STEVE INSKEEP, Host:
This week on MORNING EDITION we're going to look at the United States dependence on oil. And we begin today with the Long View. It's part of our series of conversations on many topics in which we hear from people of long experience.
Today we hear from Kevin Phillips, a senior electoral strategist for Richard Nixon. These days Phillips is better known as a critic for the Republican majority that he first identified.
R: dangerous links, as he sees them, between the U.S. government, the Republican Party and the oil industry.
KEVIN PHILLIPS: We're losing our control of oil. We now provide less than 40 percent of the oil we consume. We have to pay more and more for it overseas. We're forcing our military into an oil protection service role. It's beginning to cost us an enormous amount of money to have an oil economy, to have an oil transportation system.
INSKEEP: Some people may listen to you and say, what do you mean the military is an oil protection service?
PHILLIPS: Well, in a nutshell, the Navy, because it's patrolling sea lanes that are vital to oil commerce, and is increasingly focused, for example, in the Persian Gulf and off the coast of West Africa where a lot of new oil is being brought into play from Nigeria southwards; if you look at the role of the Air Force and the Army, it's becoming increasingly important in places like Columbia, in the Western Hemisphere, and all over Central Asia and the Middle East, and places where we want to protect pipelines and so forth.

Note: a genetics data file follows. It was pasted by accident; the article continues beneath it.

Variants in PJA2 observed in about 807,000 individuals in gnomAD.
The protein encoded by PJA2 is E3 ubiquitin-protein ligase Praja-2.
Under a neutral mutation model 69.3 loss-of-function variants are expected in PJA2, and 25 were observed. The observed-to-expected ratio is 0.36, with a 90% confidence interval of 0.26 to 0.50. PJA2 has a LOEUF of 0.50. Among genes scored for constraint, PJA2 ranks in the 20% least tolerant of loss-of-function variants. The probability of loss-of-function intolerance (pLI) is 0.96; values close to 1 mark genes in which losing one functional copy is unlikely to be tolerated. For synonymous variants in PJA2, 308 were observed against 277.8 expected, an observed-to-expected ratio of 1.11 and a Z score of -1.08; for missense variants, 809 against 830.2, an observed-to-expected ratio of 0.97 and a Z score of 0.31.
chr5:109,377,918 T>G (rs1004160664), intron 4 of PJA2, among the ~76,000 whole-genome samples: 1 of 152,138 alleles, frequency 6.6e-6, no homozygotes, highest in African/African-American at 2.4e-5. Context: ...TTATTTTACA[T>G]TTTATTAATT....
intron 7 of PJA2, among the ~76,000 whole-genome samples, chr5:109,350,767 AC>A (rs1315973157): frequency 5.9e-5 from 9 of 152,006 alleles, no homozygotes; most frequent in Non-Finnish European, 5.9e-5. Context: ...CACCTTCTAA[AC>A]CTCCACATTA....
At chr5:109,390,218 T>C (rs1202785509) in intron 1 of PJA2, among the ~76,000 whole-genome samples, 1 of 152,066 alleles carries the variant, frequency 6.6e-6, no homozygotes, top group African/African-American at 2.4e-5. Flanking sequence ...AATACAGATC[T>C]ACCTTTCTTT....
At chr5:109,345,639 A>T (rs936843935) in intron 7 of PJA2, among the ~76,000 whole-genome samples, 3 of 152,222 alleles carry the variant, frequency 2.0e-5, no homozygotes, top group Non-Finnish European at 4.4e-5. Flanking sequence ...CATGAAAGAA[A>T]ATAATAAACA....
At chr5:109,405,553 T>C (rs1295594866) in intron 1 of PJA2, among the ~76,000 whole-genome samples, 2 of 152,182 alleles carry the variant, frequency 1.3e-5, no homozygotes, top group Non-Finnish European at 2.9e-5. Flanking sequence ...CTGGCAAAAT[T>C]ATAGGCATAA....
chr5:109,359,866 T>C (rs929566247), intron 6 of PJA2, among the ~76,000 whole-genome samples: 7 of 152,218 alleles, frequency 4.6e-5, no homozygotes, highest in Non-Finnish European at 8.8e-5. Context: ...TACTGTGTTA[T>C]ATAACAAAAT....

INSKEEP: You seem to have no doubt that the war in Iraq was about protecting oil supplies.
PHILLIPS: Yeah, there were a lot of reasons for this, and it's hard to shrink them down to too little. But for one thing, the history of Iraq has always been about oil. If you look at the 20th century, the maps have always been about oil. They emphasize oil, not the political boundaries.
It's also clear that by the late 1990s, this so-called peak oil question, the idea that world oil supplies were close to peaking and might start to run out during the 2010s or 2020s, had become important to Dick Cheney, for example, who gave a speech about that over in London.
INSKEEP: Now, you're somebody who first became prominent in the United States as an analyst of American political trends, about the way that politics were changing in the United States, about the way that the Republican Party was growing in certain places. How does the oil industry fit into the political map of the United States?